# Why are angles so weird?

I'm potentially asking quite a stupid set of questions here but I'm wondering if there is some overarching theory about why angles, and "rotational" quantities which deal with them, have such strange properties (to me - I might just have overthought this and confused myself).

Firstly, I understand that it is a useful convention to define angular velocity and acceleration to be normal to the plane of rotation; but wouldn't it be equally intuitive to define them "in the direction of the change"? That is, in 2D space, why wouldn't we define angular velocity to be in the $$\hat{\theta}$$ direction? After all, it always points anticlockwise when defined as $$\hat{\theta} = -\sin\theta\hat{i} + \cos\theta\hat{j}$$, so positive angular velocity would be in the anticlockwise direction and negative clockwise, so that holds up. Is the definition being perpendicular to the plane of motion because differentiating $$\omega\hat{\theta}$$ would then give us angular acceleration in the $$-\hat{r}$$ direction, or is there another reason?

Also, it confuses me that angles are considered to be a scalar quantity, but by this reasoning would we not consider them pseudovectors, too? In the same sense that position is a "displacement from the origin", some $$x\hat{i}+y\hat{j}$$, would we by using the same convention not say that an angle is a "rotational displacement from the origin", $$\theta\hat{k}$$?

Finally (and sort of unrelated), unlike every other scalar quantity I can think of, angles don't make any sense when multiplied together or divided by eachother. Is there a meaning to such an expression?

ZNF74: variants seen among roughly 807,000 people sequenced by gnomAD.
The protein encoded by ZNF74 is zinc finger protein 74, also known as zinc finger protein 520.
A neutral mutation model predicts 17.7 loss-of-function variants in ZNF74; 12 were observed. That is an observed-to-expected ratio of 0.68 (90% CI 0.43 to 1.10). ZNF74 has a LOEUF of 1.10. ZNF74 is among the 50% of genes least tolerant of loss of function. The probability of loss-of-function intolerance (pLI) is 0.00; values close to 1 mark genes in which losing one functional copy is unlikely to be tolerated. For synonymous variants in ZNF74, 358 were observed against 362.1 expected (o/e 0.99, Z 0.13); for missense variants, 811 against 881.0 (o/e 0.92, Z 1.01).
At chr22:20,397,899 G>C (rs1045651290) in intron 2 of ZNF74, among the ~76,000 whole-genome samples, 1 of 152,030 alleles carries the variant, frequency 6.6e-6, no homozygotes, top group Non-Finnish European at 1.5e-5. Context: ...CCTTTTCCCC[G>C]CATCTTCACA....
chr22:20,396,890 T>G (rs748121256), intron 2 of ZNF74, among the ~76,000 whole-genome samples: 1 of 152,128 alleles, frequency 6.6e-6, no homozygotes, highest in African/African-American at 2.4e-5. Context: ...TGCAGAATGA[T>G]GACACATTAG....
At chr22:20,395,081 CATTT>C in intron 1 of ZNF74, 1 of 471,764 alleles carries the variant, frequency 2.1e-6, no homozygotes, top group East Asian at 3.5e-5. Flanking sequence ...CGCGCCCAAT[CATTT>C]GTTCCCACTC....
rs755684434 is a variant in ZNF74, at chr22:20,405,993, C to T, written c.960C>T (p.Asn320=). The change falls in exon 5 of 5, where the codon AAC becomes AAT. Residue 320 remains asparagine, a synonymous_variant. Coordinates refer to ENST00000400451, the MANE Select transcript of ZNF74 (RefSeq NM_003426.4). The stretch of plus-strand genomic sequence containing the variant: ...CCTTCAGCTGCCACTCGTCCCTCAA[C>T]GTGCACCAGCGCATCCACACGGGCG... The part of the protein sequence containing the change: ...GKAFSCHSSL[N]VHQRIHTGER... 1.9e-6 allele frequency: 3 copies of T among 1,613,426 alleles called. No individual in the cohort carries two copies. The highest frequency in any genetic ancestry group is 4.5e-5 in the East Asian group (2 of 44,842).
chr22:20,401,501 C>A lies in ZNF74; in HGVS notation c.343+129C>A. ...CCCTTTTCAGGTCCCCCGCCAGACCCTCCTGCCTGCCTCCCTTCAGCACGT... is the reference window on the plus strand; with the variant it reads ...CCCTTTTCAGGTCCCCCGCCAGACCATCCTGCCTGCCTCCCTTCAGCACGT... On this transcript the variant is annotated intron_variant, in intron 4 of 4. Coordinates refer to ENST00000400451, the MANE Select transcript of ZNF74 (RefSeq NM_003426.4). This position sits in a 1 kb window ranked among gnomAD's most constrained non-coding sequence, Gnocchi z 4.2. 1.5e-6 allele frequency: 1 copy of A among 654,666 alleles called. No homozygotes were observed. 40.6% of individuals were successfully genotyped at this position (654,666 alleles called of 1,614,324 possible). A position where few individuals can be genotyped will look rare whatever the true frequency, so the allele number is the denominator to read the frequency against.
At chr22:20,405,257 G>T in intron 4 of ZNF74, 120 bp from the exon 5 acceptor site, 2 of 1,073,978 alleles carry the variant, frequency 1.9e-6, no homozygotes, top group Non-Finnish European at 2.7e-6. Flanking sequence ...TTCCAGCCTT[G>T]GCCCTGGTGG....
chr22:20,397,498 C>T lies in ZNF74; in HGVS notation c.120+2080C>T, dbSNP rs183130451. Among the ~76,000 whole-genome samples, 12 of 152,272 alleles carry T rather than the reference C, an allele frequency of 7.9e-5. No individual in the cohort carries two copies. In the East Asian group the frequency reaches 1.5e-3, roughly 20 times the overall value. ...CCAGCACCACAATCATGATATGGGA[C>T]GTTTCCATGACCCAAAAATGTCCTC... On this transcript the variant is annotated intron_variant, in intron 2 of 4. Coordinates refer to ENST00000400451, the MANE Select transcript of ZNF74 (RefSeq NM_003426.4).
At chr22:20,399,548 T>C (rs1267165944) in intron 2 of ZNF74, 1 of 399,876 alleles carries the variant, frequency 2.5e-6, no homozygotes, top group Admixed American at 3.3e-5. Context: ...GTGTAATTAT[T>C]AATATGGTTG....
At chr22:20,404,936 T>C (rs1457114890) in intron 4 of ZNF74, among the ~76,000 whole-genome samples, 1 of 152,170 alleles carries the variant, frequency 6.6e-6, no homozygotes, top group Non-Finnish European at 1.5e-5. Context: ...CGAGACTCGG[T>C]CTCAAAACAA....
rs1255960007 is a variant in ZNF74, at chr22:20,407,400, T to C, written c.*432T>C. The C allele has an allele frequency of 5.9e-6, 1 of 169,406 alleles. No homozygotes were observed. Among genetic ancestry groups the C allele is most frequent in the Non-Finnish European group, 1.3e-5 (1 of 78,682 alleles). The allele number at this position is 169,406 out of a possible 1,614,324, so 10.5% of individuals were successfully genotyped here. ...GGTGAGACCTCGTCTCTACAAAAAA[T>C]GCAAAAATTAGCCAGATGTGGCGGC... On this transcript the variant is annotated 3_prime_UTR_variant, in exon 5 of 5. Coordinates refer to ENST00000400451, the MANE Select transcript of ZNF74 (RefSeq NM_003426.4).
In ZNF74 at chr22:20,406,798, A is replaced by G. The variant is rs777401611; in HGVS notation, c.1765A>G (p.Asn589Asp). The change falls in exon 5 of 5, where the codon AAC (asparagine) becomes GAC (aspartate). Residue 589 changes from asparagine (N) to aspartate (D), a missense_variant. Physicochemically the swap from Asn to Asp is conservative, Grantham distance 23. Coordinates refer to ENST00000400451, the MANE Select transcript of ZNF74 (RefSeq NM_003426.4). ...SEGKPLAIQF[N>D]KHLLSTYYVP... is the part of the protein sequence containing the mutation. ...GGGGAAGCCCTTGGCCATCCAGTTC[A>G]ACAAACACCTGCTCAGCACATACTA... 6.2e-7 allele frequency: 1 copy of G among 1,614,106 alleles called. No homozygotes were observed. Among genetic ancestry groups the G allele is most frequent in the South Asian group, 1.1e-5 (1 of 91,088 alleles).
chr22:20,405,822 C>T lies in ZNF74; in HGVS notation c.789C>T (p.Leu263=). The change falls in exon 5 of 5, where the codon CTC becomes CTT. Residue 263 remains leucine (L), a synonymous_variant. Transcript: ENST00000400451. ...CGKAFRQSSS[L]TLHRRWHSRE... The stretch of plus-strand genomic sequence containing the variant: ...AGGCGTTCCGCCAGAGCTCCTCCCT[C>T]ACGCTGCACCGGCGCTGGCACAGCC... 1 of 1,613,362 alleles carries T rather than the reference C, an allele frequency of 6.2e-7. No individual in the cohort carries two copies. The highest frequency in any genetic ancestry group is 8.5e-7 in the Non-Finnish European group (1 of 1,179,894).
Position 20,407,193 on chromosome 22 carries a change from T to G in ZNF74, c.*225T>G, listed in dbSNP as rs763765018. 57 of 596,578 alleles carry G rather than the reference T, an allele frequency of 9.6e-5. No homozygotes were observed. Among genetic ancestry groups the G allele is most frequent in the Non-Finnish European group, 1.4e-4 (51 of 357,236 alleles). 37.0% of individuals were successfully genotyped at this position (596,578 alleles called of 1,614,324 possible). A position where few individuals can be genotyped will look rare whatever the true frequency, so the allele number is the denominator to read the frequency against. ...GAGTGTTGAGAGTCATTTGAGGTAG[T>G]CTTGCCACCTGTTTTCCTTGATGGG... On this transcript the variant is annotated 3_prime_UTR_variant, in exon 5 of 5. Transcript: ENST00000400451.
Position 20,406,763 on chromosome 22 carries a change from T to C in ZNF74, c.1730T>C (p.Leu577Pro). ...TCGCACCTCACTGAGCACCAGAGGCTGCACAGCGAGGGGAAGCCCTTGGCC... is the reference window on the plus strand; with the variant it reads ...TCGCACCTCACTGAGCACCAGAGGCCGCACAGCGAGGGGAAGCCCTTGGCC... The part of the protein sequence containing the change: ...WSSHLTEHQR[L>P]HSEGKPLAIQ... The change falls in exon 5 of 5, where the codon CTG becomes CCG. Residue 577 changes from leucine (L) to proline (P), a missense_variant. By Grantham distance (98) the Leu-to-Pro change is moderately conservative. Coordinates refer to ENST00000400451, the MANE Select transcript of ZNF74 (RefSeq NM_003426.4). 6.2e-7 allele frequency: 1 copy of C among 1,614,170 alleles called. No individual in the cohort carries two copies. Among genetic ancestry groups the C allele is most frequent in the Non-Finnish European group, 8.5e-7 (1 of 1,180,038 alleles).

• One issue: you look down on a rotating object and note that it is rotating counter-clockwise. If you change position such that you are under that same object, you note that it is rotating clockwise. This leads to ambiguity that shouldn't exist for a vector quantity. Defining the rotation vector with the right hand rule and setting it normal to the plane of rotation avoids such ambiguity. Jun 14, 2023 at 20:21
• Ah that's also true, I've seen this explanation once but I guess I didn't get it as was looking at it wrong; my thinking was, if I look at a car from above and it's moving in a straight line in the x-direction, looking at it from below I will define that as the -x direction, but that's not a problem, so why is this? It's kind of a weird transformation since we are inverting two of the three dimensions. Jun 14, 2023 at 20:49
• It is often more useful to think about the plane of rotation instead of the axis (generally, cross products are about planes [more precisely 2-forms] not vectors). Angular velocity defines the plane of rotation (it is pointing along the plane's normal). So the angular velocity gives you the thing that remains constant (the plane) not the thing that changes or the direction of change (any point in the plane changes, all points change in different directions by different amounts) Jun 15, 2023 at 3:47
• More on angular velocity and vectors. Jun 15, 2023 at 5:33
• Check out this pedagogical paper: arxiv.org/abs/2207.03560 Jun 17, 2023 at 17:18

Your concerns are valid, and for that reason, there is also an alternative way to view angular velocities, angular momentums, etc.: They are not vectors, but bivectors. A bivector is essentially an oriented plane segment, where "oriented" can be interpreted either as specifying a top and bottom of the plane, or as specifying a direction of rotation within the plane. The bivector describing the angular velocity of a rotating disc, for instance, is a plane segment parallel to the disc, with area proportional to the absolute value of angular velocity, and with its direction corresponding to the direction of the disc's rotation.